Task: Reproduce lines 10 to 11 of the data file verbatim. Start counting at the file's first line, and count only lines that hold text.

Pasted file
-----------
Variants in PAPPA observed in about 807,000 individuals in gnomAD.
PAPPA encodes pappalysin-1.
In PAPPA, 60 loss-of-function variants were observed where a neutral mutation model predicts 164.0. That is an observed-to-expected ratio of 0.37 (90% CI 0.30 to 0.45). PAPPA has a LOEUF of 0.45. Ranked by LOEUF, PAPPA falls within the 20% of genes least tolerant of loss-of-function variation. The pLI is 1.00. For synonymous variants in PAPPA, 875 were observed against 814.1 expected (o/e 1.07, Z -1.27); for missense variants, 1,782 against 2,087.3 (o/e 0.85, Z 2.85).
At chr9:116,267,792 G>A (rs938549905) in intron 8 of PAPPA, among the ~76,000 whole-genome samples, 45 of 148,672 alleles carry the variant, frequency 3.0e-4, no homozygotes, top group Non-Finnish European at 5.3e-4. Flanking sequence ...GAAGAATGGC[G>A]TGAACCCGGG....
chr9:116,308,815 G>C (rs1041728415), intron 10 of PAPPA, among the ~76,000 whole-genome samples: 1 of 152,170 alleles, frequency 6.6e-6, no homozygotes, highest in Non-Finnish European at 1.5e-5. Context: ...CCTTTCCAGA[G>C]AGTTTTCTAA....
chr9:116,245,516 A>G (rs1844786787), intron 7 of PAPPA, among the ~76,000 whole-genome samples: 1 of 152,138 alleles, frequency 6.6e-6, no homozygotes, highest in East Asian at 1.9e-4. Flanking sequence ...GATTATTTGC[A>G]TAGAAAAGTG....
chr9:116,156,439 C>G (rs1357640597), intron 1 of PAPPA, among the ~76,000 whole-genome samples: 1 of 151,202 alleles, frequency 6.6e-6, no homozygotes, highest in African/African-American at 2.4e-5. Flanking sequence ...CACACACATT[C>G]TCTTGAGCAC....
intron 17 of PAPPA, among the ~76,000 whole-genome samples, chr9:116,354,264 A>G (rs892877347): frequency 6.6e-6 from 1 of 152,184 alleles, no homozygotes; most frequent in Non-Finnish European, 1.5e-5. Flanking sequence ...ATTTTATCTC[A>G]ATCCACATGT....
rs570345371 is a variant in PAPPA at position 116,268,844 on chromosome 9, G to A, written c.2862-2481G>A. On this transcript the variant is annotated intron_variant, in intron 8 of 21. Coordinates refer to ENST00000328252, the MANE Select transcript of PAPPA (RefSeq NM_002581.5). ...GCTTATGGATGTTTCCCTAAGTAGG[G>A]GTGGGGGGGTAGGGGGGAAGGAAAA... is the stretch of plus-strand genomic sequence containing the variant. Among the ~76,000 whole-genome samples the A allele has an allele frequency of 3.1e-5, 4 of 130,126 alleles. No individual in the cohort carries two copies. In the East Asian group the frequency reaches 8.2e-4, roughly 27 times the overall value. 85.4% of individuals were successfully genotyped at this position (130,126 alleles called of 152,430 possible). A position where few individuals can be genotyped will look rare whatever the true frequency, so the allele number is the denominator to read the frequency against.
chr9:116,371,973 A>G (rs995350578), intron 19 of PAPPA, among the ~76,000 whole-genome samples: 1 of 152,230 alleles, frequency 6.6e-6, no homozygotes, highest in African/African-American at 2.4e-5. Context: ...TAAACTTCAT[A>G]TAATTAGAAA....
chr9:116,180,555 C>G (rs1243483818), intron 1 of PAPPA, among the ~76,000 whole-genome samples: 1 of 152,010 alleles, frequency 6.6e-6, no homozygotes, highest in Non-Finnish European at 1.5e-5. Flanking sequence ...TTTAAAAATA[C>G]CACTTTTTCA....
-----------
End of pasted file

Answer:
chr9:116,371,973 A>G (rs995350578), intron 19 of PAPPA, among the ~76,000 whole-genome samples: 1 of 152,230 alleles, frequency 6.6e-6, no homozygotes, highest in African/African-American at 2.4e-5. Context: ...TAAACTTCAT[A>G]TAATTAGAAA....
chr9:116,180,555 C>G (rs1243483818), intron 1 of PAPPA, among the ~76,000 whole-genome samples: 1 of 152,010 alleles, frequency 6.6e-6, no homozygotes, highest in Non-Finnish European at 1.5e-5. Flanking sequence ...TTTAAAAATA[C>G]CACTTTTTCA....